As far as the dungeoneering end went, solutions to problems in the dungeons had to also engage old players. I wanted readers to have the satisfaction of being able to say, “Yeah, I fought that damned monster!” or “I wish I’d thought of that when I was fighting tha’ thing!” That’s all part of the entertainment.
How did you start working with Wizards of the Coast? How did all that pan out?
TSR published my first novel, Mus of Kerbridge. Back in the day, TSR was a wonderful publisher of independent fiction. Many of us got our break with TSR, and I remember them with great love.
Then the Wizards of the Coast (WotC) buy-out happened. The first act of the new regime was to kill off their publishing arm, wipe out the independent range, and sack most of their editors. Books were now to be only part of ‘games world’ ranges. But the editor who had bought Mus of Kerbridge contacted me. He was leaving WotC for another publisher, but he had a slot for a Forgotten Realms novel. He wanted me to be his parting shot and do a comedic adventure novel for Forgotten Realms. He would then pick up my other work at his new publisher.
My initial reaction as to say “No way!” I thoroughly dislike the Forgotten Realms setting—too pretentious by far. But then the thought of doing a comedy adventure started to look fun, and away I went. The resulting book Council of Blades was popular among players. It also turned out to be the end of the AD&D books. They shut down for a few years while WotC organized themselves.
When WotC contacted me about doing the first of the Greyhawk Classics books, it was a weird time. WotC had bought out TSR, but they were business people and not creatives. They called me and said that they had a whole new version of D&D they were going to bring out (3.0)—a complete re-start for the whole system. They wanted some novels to launch the new game, but the novels had to be things that would bring older devotees back to the game. They had to be gamers’ books for the gamers.
They came to me because letters they received about my previous Forgotten Realms book seemed to be what they were looking for. There followed an interesting conversation because I had to insist that they pull back and leave me to write. The flaw with their usual novels is that they were trying to be grandiose epic fantasy, filled with infallible characters, mighty destinies, and purple prose. But when you listen to gamer anecdotes, the game itself is far more dynamic. Gamer tales tend to be about the times they screwed up! Or when they made their run for glory, and almost failed, but somehow fought through. The cool fights and the fireballs that were incautiously thrown. So a good D&D novel should, in many ways, be the game you wish you were playing right now! This remains a thing with all of my novels these days. They are the RPG campaign you wish you were playing!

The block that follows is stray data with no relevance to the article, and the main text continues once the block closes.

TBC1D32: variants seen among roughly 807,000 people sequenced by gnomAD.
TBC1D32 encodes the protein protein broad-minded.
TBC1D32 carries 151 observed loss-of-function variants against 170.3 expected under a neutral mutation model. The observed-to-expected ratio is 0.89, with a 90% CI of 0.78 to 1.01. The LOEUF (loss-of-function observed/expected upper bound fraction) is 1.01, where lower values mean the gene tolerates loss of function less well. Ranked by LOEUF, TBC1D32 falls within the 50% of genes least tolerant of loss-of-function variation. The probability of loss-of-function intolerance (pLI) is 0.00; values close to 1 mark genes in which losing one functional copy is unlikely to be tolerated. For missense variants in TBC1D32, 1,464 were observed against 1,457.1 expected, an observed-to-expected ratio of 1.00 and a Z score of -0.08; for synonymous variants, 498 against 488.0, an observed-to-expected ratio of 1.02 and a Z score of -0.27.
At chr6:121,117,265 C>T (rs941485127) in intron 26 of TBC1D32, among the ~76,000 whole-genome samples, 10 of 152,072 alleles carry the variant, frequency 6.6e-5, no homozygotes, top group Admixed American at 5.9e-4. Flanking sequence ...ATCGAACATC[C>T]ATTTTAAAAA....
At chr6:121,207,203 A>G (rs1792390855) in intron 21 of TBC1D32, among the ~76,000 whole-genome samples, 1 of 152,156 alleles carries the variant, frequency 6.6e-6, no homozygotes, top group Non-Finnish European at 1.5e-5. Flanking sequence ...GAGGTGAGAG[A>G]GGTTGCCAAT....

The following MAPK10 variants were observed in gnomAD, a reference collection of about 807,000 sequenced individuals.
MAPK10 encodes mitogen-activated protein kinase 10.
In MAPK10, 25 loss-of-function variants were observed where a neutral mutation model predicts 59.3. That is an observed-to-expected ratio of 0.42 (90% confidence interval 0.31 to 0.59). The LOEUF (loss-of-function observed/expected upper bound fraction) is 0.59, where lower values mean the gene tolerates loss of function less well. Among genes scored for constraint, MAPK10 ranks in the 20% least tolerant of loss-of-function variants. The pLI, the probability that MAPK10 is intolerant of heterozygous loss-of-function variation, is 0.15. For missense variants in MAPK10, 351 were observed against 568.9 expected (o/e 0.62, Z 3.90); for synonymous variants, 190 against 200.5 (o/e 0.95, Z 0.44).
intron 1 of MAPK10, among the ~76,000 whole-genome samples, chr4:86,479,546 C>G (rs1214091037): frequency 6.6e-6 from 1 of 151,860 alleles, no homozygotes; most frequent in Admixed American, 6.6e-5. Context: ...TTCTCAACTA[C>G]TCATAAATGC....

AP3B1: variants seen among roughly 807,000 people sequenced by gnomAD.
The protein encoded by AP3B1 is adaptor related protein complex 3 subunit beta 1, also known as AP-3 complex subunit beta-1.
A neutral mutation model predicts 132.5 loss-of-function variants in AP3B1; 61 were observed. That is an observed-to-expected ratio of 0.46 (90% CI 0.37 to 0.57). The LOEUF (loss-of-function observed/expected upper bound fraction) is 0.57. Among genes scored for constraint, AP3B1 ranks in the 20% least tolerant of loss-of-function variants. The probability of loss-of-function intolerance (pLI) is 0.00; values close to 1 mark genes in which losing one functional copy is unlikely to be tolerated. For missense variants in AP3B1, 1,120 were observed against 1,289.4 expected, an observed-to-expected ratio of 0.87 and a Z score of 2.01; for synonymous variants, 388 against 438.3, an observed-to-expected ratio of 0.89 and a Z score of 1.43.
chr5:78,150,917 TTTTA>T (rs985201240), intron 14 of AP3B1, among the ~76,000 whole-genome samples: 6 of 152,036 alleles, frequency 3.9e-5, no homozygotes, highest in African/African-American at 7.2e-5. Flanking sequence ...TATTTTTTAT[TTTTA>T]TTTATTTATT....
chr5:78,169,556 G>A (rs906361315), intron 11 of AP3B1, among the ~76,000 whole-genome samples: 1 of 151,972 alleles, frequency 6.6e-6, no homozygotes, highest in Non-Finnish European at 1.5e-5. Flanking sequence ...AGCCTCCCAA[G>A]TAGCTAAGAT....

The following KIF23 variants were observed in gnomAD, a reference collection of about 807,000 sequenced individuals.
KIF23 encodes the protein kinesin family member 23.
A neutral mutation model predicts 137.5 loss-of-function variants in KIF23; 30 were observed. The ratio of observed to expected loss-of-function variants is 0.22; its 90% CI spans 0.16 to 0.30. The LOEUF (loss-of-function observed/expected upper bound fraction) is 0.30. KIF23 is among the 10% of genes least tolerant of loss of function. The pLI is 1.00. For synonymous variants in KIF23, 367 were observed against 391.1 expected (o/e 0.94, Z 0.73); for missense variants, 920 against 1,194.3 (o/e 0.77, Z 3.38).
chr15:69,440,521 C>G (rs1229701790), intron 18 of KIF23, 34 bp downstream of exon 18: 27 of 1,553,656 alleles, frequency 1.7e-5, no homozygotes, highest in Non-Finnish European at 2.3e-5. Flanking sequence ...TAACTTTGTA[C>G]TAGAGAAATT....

If given the opportunity, would you ever be interested in returning to the World of Greyhawk?
I would love to do more D&D. It would be great to bring back Jus and Escalla. I regret deeply that the company only wanted three books. They have now killed off Greyhawk and show no inclination to do more. The “Jus and Escalla” characters are seen as being an inseparable part of the Greyhawk setting, and company management can’t break away from that and see that the series can continue even if the setting is no longer an official Hasbro games setting. A damned shame!
My recent dealings with WotC’s editorial department over the Gammaworld novel were extremely unpleasant. They paid only one third of their old rates, but this was based on the promise of a multi-book deal (that would pay the old rates), ongoing monthly paid articles for Dragon Magazine, as well as games design and module design—none of which they honoured. I am aware that entirely new people have taken over now, but I would have to approach them with a great deal of caution.
Since writing the Greyhawk Classics material, you’ve gone on to write an impressive library of fantasy fiction. For readers who want to check out your other works, with what stories do you recommend we start?
My Effectuators series has been a riot. Victorian paranormal adventures filled with scams, cool monsters and a wonderfully dodgy main character. For anyone that loved Gammaworld and fun adventures, my Genestorm books are also fun. Spirit Hunters is a series of Japanese-inspired adventures that are a total riot (the writ here was absolutely to make this the role playing campaign you would love to be playing). And the book that started it all, Mus of Kerbridge is still out there in print! You can find all of my hard-copy self-published books on lulu.com. All of my stuff is out as ebooks on amazon.com. My recent spate of RPG games are published by me (Kitsune Press) on DruveThruRPG.com. I have also done modules for Mars, Castles and Crusades, and a rip-roaring campaign setting for Starships and Spacemen. All of them are available on DriveThruRPG.com.
Artwork: Escalla by Tipsywibbles; Cover Art Descent into the Depths of the Earth by Jerry Vander Stelt.